of arrivals and departures, imagined
and articulated both a future grace
that walked quietly behind their will and
a plan to unfold where once was nothing.
We call them parents
For the next few years, Nico, it is your job
to play, to pretend you are not here.
Simone says uproot yourself and
see a landscape as if you are not there.
Soon enough you’ll navigate Damascus
and walk its stalls without the bag lunch,
without the field trip, a Tunis,
or perhaps more local, a Providence.
This could be a coast for Aeneas and
his bone-weary men, Mercury a kind
of lighthouse making Carthage open up
its arms for those who’d hurt, who’d love and leave.
It’s sad but true that every bridge suggests
its own burning, Nico: we all take leaves.
The poet Kinnell called love the wages of dying,
but you invest that feeling, more wager than wages:
I’ve felt that love and let it go, have
only approached the clerks at the windows
with my program and my penciled hunches.
You’ll wager one day, little man,
little prince of the para-mutuel window,
you’ll have your stakes and your downs and your derby.
Think of Pascal. These bets are the notes that sow and sew;
Keep them close to your heart in your little pea coat.
Love is pitch and tar and twine for your boats
of consolation and compensation.
Try not to fill the emptiness in yourself
by creating one in someone else.
Someone foreign. Some beloved.
One day you’ll leave, and they’ll live in your absence.
In your future present-tense, be a little less gone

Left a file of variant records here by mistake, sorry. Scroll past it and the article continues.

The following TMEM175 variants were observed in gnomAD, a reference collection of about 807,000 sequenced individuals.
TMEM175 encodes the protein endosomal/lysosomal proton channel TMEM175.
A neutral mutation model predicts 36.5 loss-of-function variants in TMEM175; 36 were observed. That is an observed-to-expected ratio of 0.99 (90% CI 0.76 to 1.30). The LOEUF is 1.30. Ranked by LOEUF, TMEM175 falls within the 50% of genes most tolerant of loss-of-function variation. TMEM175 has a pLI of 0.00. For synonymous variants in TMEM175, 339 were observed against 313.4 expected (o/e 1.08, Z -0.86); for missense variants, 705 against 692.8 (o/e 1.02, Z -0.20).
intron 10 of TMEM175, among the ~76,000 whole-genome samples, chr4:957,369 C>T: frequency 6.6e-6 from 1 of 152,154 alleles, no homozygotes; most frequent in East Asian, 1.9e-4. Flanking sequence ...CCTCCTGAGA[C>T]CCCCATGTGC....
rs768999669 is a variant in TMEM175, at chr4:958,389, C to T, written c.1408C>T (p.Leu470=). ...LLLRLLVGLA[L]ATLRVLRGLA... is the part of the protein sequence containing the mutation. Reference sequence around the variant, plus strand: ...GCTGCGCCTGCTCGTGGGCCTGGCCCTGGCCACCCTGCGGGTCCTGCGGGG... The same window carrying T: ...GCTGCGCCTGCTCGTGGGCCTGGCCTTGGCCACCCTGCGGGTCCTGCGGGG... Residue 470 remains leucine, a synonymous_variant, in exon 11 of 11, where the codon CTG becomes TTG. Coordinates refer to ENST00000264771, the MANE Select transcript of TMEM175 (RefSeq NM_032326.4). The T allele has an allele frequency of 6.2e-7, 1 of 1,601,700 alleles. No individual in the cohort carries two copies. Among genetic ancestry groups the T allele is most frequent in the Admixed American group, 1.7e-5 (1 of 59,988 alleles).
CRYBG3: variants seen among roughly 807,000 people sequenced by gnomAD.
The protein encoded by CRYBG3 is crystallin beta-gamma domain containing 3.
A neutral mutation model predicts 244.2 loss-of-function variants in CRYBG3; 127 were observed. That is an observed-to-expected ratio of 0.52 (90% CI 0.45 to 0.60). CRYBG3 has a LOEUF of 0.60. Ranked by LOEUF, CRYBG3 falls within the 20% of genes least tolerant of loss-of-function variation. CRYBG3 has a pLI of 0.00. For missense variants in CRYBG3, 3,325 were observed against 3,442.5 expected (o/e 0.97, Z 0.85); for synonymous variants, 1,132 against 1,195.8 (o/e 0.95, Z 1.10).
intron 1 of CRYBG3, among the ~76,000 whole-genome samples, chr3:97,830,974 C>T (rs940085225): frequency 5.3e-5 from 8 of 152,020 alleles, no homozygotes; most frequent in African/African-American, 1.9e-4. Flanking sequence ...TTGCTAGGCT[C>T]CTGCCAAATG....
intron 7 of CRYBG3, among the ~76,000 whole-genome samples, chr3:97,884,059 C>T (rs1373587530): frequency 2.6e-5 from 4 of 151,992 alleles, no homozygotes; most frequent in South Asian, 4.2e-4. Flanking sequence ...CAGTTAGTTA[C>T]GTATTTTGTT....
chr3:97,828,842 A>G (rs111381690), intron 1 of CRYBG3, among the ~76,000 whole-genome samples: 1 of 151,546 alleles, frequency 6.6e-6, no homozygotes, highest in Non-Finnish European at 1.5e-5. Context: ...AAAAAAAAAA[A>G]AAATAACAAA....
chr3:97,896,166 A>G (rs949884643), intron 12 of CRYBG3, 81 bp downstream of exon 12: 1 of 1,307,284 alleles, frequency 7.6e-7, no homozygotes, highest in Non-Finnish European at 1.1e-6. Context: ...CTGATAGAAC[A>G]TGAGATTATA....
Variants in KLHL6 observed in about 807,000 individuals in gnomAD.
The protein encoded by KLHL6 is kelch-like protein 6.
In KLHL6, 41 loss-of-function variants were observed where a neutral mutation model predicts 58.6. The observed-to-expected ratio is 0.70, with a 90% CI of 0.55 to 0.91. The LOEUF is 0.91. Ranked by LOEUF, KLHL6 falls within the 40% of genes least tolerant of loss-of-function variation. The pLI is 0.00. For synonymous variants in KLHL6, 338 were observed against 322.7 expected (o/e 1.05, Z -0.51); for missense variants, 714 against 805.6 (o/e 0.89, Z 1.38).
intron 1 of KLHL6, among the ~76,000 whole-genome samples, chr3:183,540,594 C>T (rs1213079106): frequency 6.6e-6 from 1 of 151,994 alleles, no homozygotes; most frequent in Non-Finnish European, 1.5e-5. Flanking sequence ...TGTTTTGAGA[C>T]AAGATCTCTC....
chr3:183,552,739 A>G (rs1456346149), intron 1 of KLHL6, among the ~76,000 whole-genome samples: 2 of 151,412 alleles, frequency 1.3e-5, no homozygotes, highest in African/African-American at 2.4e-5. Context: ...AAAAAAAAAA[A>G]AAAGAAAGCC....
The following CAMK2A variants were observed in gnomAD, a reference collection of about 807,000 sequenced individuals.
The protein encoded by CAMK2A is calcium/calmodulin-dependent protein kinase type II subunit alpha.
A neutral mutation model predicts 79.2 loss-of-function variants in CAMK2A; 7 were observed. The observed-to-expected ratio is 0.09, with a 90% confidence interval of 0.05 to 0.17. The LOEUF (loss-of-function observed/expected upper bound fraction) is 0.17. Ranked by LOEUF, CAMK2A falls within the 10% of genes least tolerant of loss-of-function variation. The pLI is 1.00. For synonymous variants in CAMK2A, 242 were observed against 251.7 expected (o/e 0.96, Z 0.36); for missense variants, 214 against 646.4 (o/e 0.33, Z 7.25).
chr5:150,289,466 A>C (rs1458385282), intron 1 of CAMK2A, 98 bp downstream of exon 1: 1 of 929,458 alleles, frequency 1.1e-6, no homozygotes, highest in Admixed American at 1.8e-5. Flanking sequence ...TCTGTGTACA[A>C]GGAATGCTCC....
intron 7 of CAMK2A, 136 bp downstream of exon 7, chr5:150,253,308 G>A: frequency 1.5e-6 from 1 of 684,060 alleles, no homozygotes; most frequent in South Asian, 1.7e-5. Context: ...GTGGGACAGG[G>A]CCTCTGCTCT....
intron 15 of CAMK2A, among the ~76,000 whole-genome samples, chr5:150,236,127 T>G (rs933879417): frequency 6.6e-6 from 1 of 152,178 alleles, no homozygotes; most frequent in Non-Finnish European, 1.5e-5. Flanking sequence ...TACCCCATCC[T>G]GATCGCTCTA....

Half-ready and half-baked, the terra firma in between these houses:
The cedars are somewhat stunted by their preacher winds.
These houses barter small talk on floes of big thinking;
it’s beautiful in the way that the fallen recognize each other.
My beloved sends me a zebra finch
whose composed notes are both ransom and demand,
a lyric of hesitation and full feeling,
quarter notes, half time, full benefits—maybe
the way a winter cardinal encounters
the gray cloud and gray scale of the cold front
and cracks it with its chip, a stepped-on glass
and the blood-red feather saying mazel tov and
making of suffering something known and acknowledged.
Then comes the blue at the back end of the front.
It is our touching of the temple doors and not our entering
that makes us feel churchlike. Flightless yet winged.
Pretend I’m not here—terrifying as
a few words between parent and child
or between landmarks. It’s what we should say
to ourselves for our children imagined into being
in and amongst ourselves no matter how boatless
these seas, no matter how fogged or fucked up.
Some are landlocked who come to water’s edge
each day, who love the water yet go no farther.
When it storms they go home, another story with views.
That kind of darkness, a medium that’s otherwise,
a land wind-blanched between two points of light,
a sand bar with its gnarled and stunted trees—
Is it pity or guilt you feel with these trees